This month will see quite a few IPOs hitting the market. CARE Ltd (7-11 Dec), PC Jeweller Ltd(10-12 Dec), Bharti Infratel Ltd(11-14 Dec). IPOs are very popular among retail investors, a majority of them investing for quick gains. Recently, the SEBI has brought about some changes in the allotment process in order to boost retail participation. Let us see what are its pros and cons.
How it works
In the earlier method, allotment was made first on proportionate basis and then by the lottery system. It meant that those who applied for more shares got allotted more number of shares too. Also, in the case of over subscription, those with the highest bid got preferential allotment and those bidding for a lesser amount were not allotted anything.
The new allotment process aims to ensure that each retail applicant gets allotted the minimum one lot, subject to availability of shares, irrespective of their application amount. For eg.- Both the investor with an application size of Rs 2 Lakhs and the one with the minimum application amount of say Rs. 20,000 would get allotted one lot first. The balance shares are allotted on a proportionate basis and the lottery system is used only in case of a huge oversubscription. This would mean that a greater number of applicants would get allotment in oversubscribed issues.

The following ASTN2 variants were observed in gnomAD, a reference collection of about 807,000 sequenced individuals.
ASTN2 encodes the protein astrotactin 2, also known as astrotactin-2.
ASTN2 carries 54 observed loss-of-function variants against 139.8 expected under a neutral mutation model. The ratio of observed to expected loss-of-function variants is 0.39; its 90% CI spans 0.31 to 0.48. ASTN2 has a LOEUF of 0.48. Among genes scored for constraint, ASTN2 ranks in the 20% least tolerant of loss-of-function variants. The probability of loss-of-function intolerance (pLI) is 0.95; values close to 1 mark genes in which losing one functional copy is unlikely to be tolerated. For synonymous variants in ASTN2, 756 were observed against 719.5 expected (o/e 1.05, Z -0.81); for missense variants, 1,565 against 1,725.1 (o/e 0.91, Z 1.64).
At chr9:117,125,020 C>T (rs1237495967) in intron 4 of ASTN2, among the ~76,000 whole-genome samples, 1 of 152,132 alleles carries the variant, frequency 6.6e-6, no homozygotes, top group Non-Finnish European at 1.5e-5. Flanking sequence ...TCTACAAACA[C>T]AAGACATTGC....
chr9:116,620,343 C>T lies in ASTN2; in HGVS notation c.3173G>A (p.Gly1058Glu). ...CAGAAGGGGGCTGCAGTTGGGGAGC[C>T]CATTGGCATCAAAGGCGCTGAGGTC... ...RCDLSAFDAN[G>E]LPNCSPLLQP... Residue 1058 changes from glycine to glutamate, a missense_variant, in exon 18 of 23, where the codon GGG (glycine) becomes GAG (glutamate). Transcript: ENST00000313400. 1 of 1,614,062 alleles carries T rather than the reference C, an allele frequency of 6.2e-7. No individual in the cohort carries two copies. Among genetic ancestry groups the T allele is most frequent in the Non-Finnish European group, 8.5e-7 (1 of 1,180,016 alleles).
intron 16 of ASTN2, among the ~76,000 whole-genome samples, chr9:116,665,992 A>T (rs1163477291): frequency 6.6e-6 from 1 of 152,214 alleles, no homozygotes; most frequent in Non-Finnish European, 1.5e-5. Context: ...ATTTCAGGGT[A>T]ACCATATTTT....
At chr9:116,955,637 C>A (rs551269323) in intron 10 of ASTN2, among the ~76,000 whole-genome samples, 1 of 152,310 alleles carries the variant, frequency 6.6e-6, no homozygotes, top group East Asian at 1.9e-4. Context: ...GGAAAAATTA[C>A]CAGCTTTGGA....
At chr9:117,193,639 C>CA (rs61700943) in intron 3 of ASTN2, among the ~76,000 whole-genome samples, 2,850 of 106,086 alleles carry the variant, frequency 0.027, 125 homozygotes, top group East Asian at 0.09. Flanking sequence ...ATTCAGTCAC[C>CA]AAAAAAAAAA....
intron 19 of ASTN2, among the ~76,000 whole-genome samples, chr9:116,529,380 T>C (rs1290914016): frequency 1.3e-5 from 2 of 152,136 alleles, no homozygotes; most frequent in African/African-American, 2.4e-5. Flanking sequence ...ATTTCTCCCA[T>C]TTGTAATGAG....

The likely impact
- Most small investors will bid for a single lot and this would reduce the average application size.
- Instead of applying a huge amount through a single application, investors will apply through smaller multiple applications for greater allotment. For eg- An investor A who wants to invest Rs. 1 lakh will now make 5 applications of Rs. 20,000/- each in the name of different family members.
- The IPO financing companies will lose out, since there will be lesser investors requiring funding due to reduction in the individual application amount.
- The sure shot allotment guarantee will encourage more retail participation.